“I am NOT addicted to Facebook!”   I can hear some of you shouting…  But regardless of whether you call it an addiction, a hobby, or something you do when you’re bored, most of us spend too much time on sites like Youtube and Facebook.  That’s time that could have been spent on something creative, something productive, something outdoors…  While I’m not saying those sites are evil, I am saying we have to be careful to make sure these time sinks aren’t getting in the way of us living healthy, productive lives.


Cut Out the Time Sinks

Facebook and Youtube are two great examples of what I’m calling a “time sink.”  A time sink is any activity that consumes a significant amount of time.  The internet is full of time sinks (I won’t distract you by listing more examples), so the first thing you have to do is identify what sites you visit that could be classified as time sinks.

Make a list of the top three websites that you spend the most time on.  Don’t include websites you have to use for work or school.  Then look at the items on your list, and write an estimate of how much time you spend on each site in a given week.  Now add up those estimates to get a grand total.  Check the table below to compare your results:

0 – 3 Excellent Keep doing what you’re doing!
4 – 6 Pretty Good Think about ways to minimize usage.
7 – 10 Needs Work Consider making noticeable changes to your schedule.
10 – 15 Danger Zone Careful — try going on a fast from your top time sinks.
15+ Addicted This is enough for a part-time job! You need to make major changes to cut back.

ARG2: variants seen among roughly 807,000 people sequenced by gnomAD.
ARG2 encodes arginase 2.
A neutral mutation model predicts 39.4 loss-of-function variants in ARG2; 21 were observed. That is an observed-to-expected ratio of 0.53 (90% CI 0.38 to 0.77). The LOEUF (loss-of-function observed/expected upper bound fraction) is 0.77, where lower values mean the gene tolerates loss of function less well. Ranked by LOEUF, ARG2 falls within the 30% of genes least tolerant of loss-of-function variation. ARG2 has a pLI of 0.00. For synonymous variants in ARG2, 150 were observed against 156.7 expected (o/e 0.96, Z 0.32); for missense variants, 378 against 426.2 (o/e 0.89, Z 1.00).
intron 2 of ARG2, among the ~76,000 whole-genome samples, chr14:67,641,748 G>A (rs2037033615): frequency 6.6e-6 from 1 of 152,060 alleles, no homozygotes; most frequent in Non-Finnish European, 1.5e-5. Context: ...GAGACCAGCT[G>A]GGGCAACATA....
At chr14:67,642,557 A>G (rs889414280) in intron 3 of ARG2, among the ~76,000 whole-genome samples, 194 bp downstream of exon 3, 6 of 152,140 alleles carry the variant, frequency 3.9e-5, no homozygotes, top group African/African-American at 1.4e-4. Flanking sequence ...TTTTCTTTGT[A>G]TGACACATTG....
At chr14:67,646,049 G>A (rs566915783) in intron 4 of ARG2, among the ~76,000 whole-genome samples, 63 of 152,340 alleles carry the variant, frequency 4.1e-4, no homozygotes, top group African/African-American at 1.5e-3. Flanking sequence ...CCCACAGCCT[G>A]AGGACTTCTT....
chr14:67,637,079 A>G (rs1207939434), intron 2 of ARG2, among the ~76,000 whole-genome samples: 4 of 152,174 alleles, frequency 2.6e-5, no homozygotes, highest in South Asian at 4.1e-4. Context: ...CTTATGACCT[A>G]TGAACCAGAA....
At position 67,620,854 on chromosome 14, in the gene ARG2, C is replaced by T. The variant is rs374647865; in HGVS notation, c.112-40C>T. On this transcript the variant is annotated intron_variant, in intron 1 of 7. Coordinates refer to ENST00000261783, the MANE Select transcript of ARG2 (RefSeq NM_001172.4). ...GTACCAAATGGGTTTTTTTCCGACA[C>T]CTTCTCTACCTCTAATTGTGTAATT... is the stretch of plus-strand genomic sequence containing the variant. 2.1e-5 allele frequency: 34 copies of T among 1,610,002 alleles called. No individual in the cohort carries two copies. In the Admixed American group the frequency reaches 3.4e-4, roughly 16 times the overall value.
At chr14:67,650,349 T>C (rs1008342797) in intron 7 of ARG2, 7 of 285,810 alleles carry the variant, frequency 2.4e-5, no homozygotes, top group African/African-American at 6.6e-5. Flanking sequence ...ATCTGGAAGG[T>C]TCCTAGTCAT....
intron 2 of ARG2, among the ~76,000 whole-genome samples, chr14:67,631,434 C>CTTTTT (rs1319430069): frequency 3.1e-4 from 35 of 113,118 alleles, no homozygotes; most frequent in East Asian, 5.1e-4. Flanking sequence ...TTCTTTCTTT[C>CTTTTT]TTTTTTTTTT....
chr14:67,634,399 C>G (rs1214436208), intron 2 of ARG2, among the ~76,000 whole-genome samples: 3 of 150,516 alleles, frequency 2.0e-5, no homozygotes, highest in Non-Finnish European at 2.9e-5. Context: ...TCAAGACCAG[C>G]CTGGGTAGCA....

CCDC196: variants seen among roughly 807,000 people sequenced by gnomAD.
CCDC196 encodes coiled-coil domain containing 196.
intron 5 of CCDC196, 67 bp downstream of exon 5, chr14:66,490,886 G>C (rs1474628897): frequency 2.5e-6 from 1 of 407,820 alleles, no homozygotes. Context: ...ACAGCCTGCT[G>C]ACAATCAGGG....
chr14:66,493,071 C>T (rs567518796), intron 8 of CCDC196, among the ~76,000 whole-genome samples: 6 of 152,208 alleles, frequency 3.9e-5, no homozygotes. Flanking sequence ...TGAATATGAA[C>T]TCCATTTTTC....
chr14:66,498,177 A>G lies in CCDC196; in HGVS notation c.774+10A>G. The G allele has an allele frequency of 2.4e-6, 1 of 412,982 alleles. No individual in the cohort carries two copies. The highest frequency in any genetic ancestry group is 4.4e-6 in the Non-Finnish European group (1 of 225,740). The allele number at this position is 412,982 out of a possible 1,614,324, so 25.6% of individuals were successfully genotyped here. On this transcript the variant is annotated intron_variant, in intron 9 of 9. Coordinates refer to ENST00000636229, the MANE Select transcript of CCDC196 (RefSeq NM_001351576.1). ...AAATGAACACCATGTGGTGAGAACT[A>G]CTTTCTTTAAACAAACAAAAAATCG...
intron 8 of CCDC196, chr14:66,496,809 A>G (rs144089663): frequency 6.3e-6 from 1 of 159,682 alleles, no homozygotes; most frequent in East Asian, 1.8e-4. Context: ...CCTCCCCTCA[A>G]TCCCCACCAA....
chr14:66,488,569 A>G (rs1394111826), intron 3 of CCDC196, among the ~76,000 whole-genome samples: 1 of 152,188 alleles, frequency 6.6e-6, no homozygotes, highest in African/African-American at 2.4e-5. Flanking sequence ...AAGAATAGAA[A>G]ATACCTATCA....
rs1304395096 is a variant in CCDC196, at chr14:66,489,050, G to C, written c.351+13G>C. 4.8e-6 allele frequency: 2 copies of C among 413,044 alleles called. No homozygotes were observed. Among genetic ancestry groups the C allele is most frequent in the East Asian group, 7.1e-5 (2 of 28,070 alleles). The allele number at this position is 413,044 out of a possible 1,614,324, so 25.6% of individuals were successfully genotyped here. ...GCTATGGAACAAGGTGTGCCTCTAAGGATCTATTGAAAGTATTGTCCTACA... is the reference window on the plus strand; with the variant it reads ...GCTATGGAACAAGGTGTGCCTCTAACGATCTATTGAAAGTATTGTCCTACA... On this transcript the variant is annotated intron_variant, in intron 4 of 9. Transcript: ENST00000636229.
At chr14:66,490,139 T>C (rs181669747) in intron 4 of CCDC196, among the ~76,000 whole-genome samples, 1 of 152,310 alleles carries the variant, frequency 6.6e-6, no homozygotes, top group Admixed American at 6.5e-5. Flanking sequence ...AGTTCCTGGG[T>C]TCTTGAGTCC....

Now that we’ve identified how much time we’re actually spending on our top three time sinks, let’s talk about ways to shrink that number.


Go On A Facebook Fast

One great way to cut back is to go on a fast from your top time sink(s).  Think of it as “dieting for web surfers.”  Make some rules to limit yourself, and then put in some checks to help you follow those rules.  For example, you might make the following rule: “I will only watch Youtube videos on Saturdays,” or “I can only go on Facebook for 20 minutes each night.”  You could even apply time restrictions to your rules: “I will only check Facebook between 12pm and 1pm.”

Now that you’ve made some rules for yourself, you need to make sure to follow them.  While some people have enough self-discipline to regulate themselves, others need additional help.

One way to do this is by recruiting a friend or family member to keep you in check.  Decide how often they should check in with you (probably daily or weekly), and then you’ll know you have to answer to them.  If you are up for it, you and your helper can up the ante by adding rewards (“dinner’s on me if you make your goal”) or by adding punishments (“you owe me a sit-up for each minute you go over”).  This requires having a friend or family member that is committed to helping you succeed.  If you don’t have someone who can help you, you can still set up positive and/or negative reinforcement for yourself, but that does take more self-discipline to follow through.


Victory Through Forced Compliance

Another method to reach your goals is by putting up obstacles for yourself.  There are many tools available that limit your access to websites that you specify according to certain schedules and rules.  There are free tools (such as mTime) that block all internet access according to a schedule, as well as paid tools (Internet Lock, iNet Protector) that give additional flexibility for specifying specific websites.  My personal recommendation would be to use the Google Chrome browser, since it has many helpful plugins that are free.  Two helpful free Chrome plugins are Facebook Nanny and StayFocusd.  These tools will help force you to follow the rules that you set for yourself.


Replace Time Sinks with Productive or Healthy Activities

Now that you’ve freed up your schedule, what should you do to fill the time?  Well, trimming the fat (in terms of web surfing) should allow you to stay on top of other things, such as paying bills or responding to lengthy emails.  That alone would make many of us feel less stressed.  If you still have extra time (maybe you really were an addict), then I recommend doing one of those things you say you’d like to do someday… You know: learn to play the guitar, start jogging again, organize your DVD collection, spend more time with your kids, get more sleep…  I’m sure you can think of something positive to do!